History of folklore at Sheffield

The Study of Folklore at the University of Sheffield 

Academic interest in folklore and its study at the University of Sheffield can be traced back to one of its founder institutions, Firth College. The historian Charles Harding Firth, who lectured at the College at the beginning of the 1880s, was in the early stages of assembling a major collection of English ballads and other popular literature, a substantial number of which he later donated to the University. His numerous publications reflect his interest in history and English studies, and include a number of articles on ballads.

Some sixty years later, in the 1940s, Douglas Hamer of the University’s Department of English Literature, gathered together an extensive collection of children’s nursery rhymes, which he edited for publication. Unfortunately, publication was pre-empted by that of Iona and Peter Opie’s Oxford Dictionary of Nursery Rhymes in 1951. Nevertheless, Douglas Hamer donated the collection, together with his notes on the manuscript, to the University Library, where it is deposited in Special Collections.

The Survey of Language and Folklore, launched informally in the Department of English Language in 1964, was the starting point of a concerted campaign to establish the study of folklore at the University. The Survey and the subsequent development of the campaign were inspired by the work of Herbert Halpert, the founder and Head of the Department of Folklore at the Memorial University of Newfoundland. Officially formalised by the then Vice-Chancellor in 1967, the Survey focused initially on Yorkshire and the surrounding counties. Led by a core group of colleagues and supporters, it eventually spread widely throughout the country via a network of voluntary regional and local teams, representatives, correspondents, and in due course students. The Survey was widely publicised, and members of the core team also travelled to numerous venues across the neighbouring counties to introduce and promote it, collect data, and recruit contributors and supporters. These efforts were so successful that the volume of data received led to the establishment of archives in 1968, which were officially designated the Archives of Cultural Tradition in 1972.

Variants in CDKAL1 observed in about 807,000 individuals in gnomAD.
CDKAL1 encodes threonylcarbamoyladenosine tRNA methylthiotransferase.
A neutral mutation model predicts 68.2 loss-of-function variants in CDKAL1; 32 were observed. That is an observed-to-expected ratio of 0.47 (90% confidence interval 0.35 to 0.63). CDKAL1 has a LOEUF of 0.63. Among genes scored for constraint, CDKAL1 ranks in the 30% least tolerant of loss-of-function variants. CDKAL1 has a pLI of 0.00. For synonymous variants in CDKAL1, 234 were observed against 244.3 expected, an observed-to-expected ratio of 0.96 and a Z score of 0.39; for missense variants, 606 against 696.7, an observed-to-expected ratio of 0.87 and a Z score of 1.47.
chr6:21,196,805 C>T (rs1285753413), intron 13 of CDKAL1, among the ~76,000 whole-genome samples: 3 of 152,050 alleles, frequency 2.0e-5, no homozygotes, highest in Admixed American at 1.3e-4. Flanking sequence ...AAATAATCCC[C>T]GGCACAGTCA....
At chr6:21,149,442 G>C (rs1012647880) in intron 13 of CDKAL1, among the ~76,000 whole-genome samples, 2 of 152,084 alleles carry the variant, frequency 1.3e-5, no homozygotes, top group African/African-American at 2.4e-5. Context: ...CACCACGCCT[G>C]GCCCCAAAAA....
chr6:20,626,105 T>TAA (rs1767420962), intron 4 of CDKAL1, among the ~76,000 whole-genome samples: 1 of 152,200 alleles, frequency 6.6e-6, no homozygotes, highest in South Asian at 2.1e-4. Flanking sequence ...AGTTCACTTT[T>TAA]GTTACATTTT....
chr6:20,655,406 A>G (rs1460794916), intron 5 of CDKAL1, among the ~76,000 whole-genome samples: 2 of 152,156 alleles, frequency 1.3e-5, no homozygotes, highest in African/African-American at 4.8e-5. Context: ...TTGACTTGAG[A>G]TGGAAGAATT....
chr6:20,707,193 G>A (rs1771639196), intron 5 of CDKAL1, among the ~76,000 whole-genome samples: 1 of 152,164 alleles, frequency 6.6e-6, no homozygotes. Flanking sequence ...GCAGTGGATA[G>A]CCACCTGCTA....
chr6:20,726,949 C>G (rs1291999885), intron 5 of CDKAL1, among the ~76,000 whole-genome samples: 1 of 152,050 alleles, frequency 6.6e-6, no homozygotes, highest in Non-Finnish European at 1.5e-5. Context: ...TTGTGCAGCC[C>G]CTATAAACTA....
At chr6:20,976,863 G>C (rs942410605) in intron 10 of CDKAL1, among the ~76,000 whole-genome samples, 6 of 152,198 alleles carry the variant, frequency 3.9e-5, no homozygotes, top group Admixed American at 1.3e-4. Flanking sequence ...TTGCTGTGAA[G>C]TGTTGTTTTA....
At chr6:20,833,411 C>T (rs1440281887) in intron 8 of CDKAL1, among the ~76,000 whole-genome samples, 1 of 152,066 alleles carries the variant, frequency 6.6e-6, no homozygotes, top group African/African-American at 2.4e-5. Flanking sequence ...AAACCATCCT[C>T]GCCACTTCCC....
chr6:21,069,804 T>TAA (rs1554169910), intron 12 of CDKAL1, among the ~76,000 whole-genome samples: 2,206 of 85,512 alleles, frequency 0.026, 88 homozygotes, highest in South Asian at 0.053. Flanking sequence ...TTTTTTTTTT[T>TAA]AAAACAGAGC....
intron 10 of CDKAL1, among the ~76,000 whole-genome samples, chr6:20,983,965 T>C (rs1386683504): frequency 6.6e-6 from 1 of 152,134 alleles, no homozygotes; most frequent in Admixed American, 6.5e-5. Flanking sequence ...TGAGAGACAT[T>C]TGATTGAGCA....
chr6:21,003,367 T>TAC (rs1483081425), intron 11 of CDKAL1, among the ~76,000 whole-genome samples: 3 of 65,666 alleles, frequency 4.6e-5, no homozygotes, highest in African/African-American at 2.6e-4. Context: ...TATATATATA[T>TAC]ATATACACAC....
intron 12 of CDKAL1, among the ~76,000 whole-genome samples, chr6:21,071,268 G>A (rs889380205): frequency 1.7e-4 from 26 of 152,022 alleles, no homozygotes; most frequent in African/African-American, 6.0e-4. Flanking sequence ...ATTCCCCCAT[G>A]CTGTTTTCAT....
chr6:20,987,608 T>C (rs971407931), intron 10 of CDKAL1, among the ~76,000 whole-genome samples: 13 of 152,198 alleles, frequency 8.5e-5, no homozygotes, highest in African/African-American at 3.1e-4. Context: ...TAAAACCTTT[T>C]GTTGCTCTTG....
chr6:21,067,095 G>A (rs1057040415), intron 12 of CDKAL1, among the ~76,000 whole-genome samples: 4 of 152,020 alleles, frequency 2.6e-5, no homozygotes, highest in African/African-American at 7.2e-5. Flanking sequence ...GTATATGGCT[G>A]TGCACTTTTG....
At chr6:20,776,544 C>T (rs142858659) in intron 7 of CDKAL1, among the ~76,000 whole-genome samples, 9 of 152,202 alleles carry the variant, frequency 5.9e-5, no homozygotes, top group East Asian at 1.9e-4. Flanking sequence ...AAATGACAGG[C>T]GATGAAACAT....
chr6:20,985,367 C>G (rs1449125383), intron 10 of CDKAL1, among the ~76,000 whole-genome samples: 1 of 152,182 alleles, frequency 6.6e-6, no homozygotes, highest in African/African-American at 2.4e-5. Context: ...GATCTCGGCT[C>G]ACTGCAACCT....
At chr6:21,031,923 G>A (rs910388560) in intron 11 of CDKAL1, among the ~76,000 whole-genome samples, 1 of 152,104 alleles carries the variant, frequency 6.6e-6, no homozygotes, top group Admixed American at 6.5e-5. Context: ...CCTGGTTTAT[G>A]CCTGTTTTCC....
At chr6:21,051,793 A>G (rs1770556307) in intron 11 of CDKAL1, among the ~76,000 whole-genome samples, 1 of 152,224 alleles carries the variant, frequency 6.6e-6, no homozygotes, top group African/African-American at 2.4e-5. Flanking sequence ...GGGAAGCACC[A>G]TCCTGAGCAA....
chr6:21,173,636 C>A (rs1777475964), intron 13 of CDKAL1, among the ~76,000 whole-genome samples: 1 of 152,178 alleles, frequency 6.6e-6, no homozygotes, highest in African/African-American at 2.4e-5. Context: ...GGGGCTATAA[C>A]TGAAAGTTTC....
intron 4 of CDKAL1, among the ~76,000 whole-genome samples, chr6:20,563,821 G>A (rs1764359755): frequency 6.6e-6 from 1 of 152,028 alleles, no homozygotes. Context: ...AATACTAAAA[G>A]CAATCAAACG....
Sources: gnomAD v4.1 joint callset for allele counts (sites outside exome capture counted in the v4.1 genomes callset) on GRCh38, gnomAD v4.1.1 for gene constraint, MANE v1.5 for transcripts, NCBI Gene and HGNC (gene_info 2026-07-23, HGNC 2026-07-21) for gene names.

The Survey aimed to collect information on all aspects of English language and folklore, using audio and video recording, specially designed collecting slips, forms, and questionnaires, along with photographs, drawings, ephemera, and artefacts. Displays of collected material were used in introductory talks to illustrate the Survey’s aims and progress, and to encourage further contributions.

The Survey was designed as an ongoing project which continued to contribute data to the Archives for a further thirty two years. In 1976 the Survey and the Archives were designated as a research unit by the University, entitled the Centre for English Cultural Tradition and Language (CECTAL) which became the National Centre for English Cultural Tradition (NATCECT) in 1997 in recognition of its status as the only institution in higher education in England offering a comprehensive programme of teaching and research in the study of folklore, after the closure of the Institute of Dialect and Folk Life Studies at the University of Leeds in 1983.

The Survey and the Archives were planned as the first two stages underpinning the campaign to establish the study of folklore at the University. The third stage was the creation and development of a library dedicated to language, folklore, and related subjects, to support the programme. In parallel with the Archives, the library grew exponentially over forty years to become the largest of its kind in the north of England. Following an externally funded cataloguing process, this unique collection of some 40,000 books and journals was transferred to the University Library.

The study of folklore, as exemplified by the underlying aims of the Survey, and by the approach to teaching and research in CECTAL/NATCECT, seeks to identify, document, and analyse the myriad forms and manifestations of tradition, and to discover and monitor their operations and functions over time at all levels and in every sphere of society and culture. At CECTAL/NATCECT the approach to the subject is holistic, and favours an anthropological mode of investigation which sheds light on continuity and change. It also foregrounds the interrelationships between language and folklore and the crucial role of language in the transmission of tradition.

As folklore is a wide-ranging discipline and notoriously difficult to define precisely, the Survey and the Centre adapted a working system of classification devised by Herbert Halpert. Used from the outset in the Department of Folklore at Memorial University, it sets out six principal genres of folklore, illustrating the scope of the subject and acting as a baseline for teaching and research. This system, slightly modified for use in the programme at Sheffield, groups together specific typical related elements which distinguish a given genre from the others. The six genres are: 1. Language; 2. Childlore; 3. Custom and Belief; 4. Folk Narrative; 5. Folk Music, Dance, and Drama; 6. Material Culture, Work Techniques, Arts and Crafts.